Five years ago, a new Island was created Down Under. Universal Music Group International and its key executives Max Hole (now Chairman and CEO) and George Ash (President of Universal Music Australasia) took the initiative to start investing heavily in Australian A&R. Part of that was to launch Island Records Australia. Half-a-decade on, a raft of Island artists have enjoyed their own slice of paradise, from Boy & Bear, Hilltop Hoods, Gin Wigmore and The McClymonts to Marvin Priest, Brian McFadden and Havana Brown.
The label is headed by Mike Taylor, who also serves as General Manager of A&R at UMA. Taylor has had A&R stints in the U.S. with Columbia Records and at Madonna’s Maverick Recording Company, and in Australia where he served as A&R Director/Head of A&R at Sony Music. At Sony, Taylor A&R’d Delta Goodrem’s Innocent Eyes, one of the biggest-selling albums in the history of Australia’s record industry.
What’s been the vision behind Island here?
Along with Island U.K. and U.S., Island Australia is the only other Island label brand in the world. I saw it as such an exciting chance to be involved in the creation of the label, so I moved from New York to Sydney for the job. When we get it right, Island Australia is a home for artists who cut their own path, who start from the left, and who, in time, come into the mainstream on their own artistic terms.
Chris Blackwell is a legend of the music biz. Has he played any guiding role with the Aussie company?
Chris Blackwell sold Island to Polygram U.K. in 1989, when it was the world’s most successful indie label. He stayed on as CEO of Island for another ten years but has since fully left the company. Today he’s mostly enjoying his actual island, in the Caribbean. And I hear he doesn’t leave Jamaica for much anymore. I’ve not met him. But his legacy is just incredible. He brought the whole genre of reggae music to a wider world audience, and then U.K. folk, prog rock and beyond. It’s a staggeringly brilliant roster: Bob Marley, Jimmy Cliff, Traffic, Grace Jones, Nick Drake, Free, Bad Company, Cat Stevens, Tom Waits, PJ Harvey, Pulp, Tricky, U2. The list goes on.
We’ve slipped into 2013. How’s the face of A&R changing?
It’s still about great songs and exciting, true talent. However, you’re seeing a change in terms of how quickly things can happen now in the A&R world. A song or video reacting online can overnight turn into an A&R signing frenzy, to a priority push at a major in a few days. Personally, I don’t chase trends as you’re then behind the curve. Rather, I look at what really excites me and what seems to be exciting those around me.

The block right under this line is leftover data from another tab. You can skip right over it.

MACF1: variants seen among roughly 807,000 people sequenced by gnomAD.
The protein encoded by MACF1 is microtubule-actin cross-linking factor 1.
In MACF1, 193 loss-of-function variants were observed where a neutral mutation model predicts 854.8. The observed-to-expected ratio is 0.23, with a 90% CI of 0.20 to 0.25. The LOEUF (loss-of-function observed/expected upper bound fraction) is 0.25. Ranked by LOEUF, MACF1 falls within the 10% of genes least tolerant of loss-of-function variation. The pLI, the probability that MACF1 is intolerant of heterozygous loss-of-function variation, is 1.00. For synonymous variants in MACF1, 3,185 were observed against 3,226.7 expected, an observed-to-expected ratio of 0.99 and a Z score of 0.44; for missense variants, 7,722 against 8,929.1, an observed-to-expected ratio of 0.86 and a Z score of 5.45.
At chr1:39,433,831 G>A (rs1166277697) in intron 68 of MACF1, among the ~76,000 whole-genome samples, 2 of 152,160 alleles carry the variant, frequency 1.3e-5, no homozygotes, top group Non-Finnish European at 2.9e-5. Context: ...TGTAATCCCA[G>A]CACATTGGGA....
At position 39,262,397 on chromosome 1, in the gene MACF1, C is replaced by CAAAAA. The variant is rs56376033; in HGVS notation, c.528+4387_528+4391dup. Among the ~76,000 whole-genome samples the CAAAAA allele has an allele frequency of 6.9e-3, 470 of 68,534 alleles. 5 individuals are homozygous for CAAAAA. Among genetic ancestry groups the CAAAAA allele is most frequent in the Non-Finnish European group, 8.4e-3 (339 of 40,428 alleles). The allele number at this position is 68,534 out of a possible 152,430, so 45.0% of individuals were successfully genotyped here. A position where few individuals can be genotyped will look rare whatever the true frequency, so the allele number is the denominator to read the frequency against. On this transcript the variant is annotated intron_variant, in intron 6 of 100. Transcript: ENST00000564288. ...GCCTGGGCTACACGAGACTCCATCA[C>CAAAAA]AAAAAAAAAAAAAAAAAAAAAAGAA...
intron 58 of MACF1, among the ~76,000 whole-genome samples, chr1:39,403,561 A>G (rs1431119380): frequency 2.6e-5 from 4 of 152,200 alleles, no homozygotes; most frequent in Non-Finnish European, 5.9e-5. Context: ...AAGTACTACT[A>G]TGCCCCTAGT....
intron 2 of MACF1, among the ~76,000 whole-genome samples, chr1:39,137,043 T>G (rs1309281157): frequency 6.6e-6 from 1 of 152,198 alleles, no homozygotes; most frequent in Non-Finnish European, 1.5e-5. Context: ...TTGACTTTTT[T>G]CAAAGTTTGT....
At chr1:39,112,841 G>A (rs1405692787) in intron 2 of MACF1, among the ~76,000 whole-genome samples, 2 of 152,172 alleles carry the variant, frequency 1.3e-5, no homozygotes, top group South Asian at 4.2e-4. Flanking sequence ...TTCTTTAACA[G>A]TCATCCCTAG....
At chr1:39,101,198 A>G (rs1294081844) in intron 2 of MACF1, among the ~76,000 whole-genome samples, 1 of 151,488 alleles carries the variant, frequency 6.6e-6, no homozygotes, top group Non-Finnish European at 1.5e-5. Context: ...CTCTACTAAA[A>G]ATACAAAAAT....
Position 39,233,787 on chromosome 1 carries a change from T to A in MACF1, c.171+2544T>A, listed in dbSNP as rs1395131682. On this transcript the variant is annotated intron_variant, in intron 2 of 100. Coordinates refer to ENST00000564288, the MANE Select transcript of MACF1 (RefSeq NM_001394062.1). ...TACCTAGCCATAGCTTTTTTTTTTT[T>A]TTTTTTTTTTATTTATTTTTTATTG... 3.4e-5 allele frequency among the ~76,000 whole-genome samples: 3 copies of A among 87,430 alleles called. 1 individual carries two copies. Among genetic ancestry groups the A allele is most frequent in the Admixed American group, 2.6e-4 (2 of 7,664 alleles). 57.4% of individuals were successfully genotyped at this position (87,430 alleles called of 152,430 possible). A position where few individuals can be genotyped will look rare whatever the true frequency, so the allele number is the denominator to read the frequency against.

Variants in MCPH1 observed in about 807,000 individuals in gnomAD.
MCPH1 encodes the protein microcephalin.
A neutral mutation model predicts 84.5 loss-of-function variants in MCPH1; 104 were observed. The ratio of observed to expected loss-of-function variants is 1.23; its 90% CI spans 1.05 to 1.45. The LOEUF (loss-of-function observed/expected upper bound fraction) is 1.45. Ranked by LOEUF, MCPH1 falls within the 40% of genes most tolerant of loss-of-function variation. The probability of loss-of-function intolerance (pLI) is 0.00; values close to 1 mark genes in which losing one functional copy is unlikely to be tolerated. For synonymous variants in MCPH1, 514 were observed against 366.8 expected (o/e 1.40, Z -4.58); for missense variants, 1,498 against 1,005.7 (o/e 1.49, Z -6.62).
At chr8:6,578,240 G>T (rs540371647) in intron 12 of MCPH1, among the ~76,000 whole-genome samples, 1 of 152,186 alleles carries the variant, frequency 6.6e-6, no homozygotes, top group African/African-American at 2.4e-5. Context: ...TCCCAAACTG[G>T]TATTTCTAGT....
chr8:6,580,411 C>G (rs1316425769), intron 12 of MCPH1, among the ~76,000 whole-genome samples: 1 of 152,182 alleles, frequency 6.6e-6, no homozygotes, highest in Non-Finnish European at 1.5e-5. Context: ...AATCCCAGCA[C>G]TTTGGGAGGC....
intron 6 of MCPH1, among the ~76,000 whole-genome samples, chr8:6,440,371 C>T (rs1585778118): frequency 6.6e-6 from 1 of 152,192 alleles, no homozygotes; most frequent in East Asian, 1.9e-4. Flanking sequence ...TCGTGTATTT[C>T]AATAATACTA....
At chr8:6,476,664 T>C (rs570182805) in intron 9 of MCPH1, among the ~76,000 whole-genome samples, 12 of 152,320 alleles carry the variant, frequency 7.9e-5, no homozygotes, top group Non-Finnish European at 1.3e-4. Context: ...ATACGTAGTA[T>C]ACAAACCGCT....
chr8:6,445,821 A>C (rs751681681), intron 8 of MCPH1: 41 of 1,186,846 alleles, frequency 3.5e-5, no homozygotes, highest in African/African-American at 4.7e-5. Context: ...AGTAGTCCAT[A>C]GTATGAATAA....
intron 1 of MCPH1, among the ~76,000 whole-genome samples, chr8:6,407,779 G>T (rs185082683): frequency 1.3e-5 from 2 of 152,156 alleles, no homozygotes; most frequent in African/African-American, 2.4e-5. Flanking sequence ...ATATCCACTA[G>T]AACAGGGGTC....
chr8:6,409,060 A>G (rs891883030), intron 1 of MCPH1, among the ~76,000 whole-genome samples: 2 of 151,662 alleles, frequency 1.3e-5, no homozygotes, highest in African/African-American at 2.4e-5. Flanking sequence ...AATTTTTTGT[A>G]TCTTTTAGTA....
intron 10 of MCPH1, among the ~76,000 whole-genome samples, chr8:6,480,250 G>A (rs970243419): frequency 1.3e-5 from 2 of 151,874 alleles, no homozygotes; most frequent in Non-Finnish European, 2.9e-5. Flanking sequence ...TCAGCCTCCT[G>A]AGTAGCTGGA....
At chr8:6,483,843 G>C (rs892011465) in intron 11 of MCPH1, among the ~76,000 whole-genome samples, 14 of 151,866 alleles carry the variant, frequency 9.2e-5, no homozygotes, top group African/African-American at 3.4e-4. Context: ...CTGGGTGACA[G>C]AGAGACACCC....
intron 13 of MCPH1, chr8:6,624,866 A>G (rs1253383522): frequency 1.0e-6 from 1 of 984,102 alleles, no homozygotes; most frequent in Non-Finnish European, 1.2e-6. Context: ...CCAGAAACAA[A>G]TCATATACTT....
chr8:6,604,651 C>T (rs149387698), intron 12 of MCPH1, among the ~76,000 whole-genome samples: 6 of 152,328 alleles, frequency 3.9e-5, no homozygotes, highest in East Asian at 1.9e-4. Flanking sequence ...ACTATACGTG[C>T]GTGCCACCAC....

This year, Universal and EMI will be integrated here and elsewhere. How will that process change the way your company does A&R?
EMI has a successful roster of great Australian artists. At Universal, all the labels–Island, Mercury, Dew Process, Modular–compete internally. EMI will now be joining that list. It’s a healthy competition which gives Universal a wider chance of success in the market. For Island Australia, it’s business as usual.
You launched the Bali Songwriting Invitational back in 2009. Why?
Great songs are the key to success for an artist. I started this with Peter Coquillard, music publisher at Bill Silva Management, as something of an experiment. When there’s nothing to do but write songs and bond in an amazing setting–where mobile phone reception and Internet suck–the quality of songs can be incredible. We bring together 21 artists and songwriters from around the world, put them in the jungle of Ubud, Bali at a recording studio and private villa resort, which we take over for ten days. Each day the writers break into groups of three: an artist, a track songwriter and a top line writer. I get to know and work with “A List” writers and artists; that access benefits my artists immensely. If a great song comes from it, myself and our A&R Manager Josh Kellett are the first to hear it, and possibly get it for one of my artists. Last year, 11 cuts came from the 39 songs. That’s an amazing strike rate. Last year APRA and Universal Music Publishing Australia came onboard as sponsors. Our 4th annual Bali Songwriting Invitational is in May.
You’ve been in Australia five years. What are you impressions?
I loved it then, and love it now. I grew up in New York and lived in the city for years, so I wanted a change. In terms of the music scene and industry in Australia, it’s really vibrant, and punches way above its weight class for its population size.